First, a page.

I'm sorry to keep going on about this, but it's yet another example of why we need to read the original sources, and not just assume that a number means what someone wants to tell us it means.

    Grant Hutchison

  15. #2355
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    Quote Originally Posted by grant hutchison View Post
    Teasing out the direct effect of comorbidities requires a statistical analysis that controls for potential confounding factors, like age.
    Yes, hopefully that is done. I'm not sure it always is, however. I saw an article in a Japanese tabloid yesterday (didn't read the article, just the headline), that said, "bald people at high risk of dying from COVID-19." Without reading, my suspicion is, risk is higher for men, risk is higher for older people, therefore... I kind of doubt that anybody did a study comparing elderly bald men with elderly non-bald men.
    As above, so below

  16. #2356
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    Quote Originally Posted by Jens View Post
    Yes, hopefully that is done. I'm not sure it always is, however. I saw an article in a Japanese tabloid yesterday (didn't read the article, just the headline), that said, "bald people at high risk of dying from COVID-19." Without reading, my suspicion is, risk is higher for men, risk is higher for older people, therefore... I kind of doubt that anybody did a study comparing elderly bald men with elderly non-bald men.
    Well, that's another demonstration that it's important to read the relevant reports, rather than tabloid headlines, I'm afraid.
    That headline was presumably based on reports that started with two "Letters to the Editor" in dermatology journals, which are essentially short case series submitted as "hypothesis forming" reports--male-pattern baldness is linked to androgen levels, it's been suggested that higher androgen levels might have something to do with Covid-19 susceptibility, and here's an observation that male-pattern baldness seems to be surprisingly common in a small group of people admitted to hospital with Covid-19. End of story.
    The first report is here; the follow-up letter by the same authors is here. The second makes a very slight effort to age-match controls. Neither pretends to be anything but an interesting observation. But these are exactly the sort of just-beyond-anecdote accounts that have led to important discoveries in the past - the link between cancer and smoking, the link between oestrogen contraceptives and blood clotting; we got our first inklings of these from very similar little "here's an interesting thing" letters to medical journals. No epidemiological hypothesis has ever been initially tested by a large multicentre well-controlled clinical cohort, for obvious reasons. There have been a couple of subsequent, similar observational reports from other centres, which are probably the trigger for the newspaper report you saw.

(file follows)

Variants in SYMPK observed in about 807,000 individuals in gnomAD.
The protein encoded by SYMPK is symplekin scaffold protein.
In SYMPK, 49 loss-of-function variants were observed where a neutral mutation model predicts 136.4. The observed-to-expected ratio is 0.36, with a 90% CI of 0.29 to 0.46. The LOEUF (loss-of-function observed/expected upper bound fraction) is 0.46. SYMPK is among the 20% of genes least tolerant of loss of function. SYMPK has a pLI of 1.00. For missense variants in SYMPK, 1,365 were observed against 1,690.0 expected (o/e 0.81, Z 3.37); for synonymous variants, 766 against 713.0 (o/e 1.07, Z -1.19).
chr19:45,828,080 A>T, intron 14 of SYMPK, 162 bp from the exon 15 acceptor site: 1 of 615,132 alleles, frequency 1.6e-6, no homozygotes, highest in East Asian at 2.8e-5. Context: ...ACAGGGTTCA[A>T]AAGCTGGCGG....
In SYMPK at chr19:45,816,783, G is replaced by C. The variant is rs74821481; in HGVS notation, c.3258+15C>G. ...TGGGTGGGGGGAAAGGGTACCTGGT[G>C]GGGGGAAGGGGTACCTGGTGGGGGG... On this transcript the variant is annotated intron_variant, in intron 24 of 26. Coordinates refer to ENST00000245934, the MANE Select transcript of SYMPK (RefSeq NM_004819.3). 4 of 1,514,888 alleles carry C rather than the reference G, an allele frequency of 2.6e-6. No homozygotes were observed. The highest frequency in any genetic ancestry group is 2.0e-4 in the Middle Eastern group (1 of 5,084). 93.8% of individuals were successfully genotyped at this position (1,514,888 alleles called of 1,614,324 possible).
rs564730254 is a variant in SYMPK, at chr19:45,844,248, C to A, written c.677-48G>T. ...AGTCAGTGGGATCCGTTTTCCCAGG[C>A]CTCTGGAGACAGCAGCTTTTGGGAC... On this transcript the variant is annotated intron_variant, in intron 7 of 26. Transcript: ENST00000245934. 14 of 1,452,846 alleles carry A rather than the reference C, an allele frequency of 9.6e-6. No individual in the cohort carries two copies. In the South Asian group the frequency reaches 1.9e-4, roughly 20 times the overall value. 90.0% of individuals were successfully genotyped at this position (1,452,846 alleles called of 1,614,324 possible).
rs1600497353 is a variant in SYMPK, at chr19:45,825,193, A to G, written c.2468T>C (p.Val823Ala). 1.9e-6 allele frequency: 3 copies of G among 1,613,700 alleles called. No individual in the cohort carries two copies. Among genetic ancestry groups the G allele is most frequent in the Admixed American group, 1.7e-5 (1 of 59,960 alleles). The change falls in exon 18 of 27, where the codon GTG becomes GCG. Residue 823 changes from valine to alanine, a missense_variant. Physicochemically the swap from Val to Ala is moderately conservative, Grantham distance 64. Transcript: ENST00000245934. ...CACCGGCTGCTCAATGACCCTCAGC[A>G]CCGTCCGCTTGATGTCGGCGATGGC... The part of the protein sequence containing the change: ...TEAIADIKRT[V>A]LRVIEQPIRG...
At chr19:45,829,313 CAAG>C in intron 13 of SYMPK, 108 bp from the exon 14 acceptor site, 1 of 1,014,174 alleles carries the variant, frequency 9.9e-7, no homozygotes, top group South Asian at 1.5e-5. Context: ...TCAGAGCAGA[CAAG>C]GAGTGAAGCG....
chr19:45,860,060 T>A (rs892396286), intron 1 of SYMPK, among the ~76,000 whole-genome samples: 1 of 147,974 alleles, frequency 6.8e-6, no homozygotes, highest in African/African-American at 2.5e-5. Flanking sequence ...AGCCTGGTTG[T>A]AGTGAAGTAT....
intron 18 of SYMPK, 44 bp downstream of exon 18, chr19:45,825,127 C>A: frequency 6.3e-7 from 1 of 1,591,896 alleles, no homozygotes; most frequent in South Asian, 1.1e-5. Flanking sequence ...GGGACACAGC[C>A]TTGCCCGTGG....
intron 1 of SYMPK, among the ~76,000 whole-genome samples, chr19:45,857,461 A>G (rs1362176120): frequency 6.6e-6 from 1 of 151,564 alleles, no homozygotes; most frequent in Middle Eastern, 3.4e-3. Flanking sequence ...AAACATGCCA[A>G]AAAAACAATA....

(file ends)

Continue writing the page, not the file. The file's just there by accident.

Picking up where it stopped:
So this is just a tiny little flicker of information that may or may not be important, but is the sort of thing that makes many doctors turn to the letters page of their journals before they start wading through the research papers. Until we got into our present idiotic situation, they went unremarked by tabloid journalists, and the world was a happier and less misinformed place as a result.

    Grant Hutchison
    Last edited by grant hutchison; 2020-Sep-02 at 01:41 AM.

  17. #2357
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    Quote Originally Posted by Van Rijn View Post
    That’s technically true of anyone that succumbs to the disease. Everyone has preexisting conditions, even if it is just “subject to aging” but a good percentage who have died from the virus could have likely lived for decades longer.
    Definitely some could have lived 4 decades longer.
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  18. #2358
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    The measure of interest here is Years of Life Lost (YLL), which is estimated from death certificate information and actuarial tables. So you take the age, sex and burden of long-term conditions (LTCs), and produce an estimate of how long each person dying of Covid-19 might have lived.
    There's a first draft of that here:
    Using the standard WHO life tables, YLL per COVID-19 death was 14 for men and 12 for women. After adjustment for number and type of LTCs, the mean YLL was slightly lower, but remained high (13 and 11 years for men and women, respectively). The number and type of LTCs led to wide variability in the estimated YLL at a given age (e.g. at ≥80 years, YLL was >10 years for people with 0 LTCs, and <3 years for people with ≥6).
    The main problem with this is that we don't have a measure of the duration or severity of the long-term conditions with which each person died. Emphysema, for instance, could be mild and non-progressive, or severe and life-threatening. So I'd guess these are likely to be upper bounds rather than central estimates.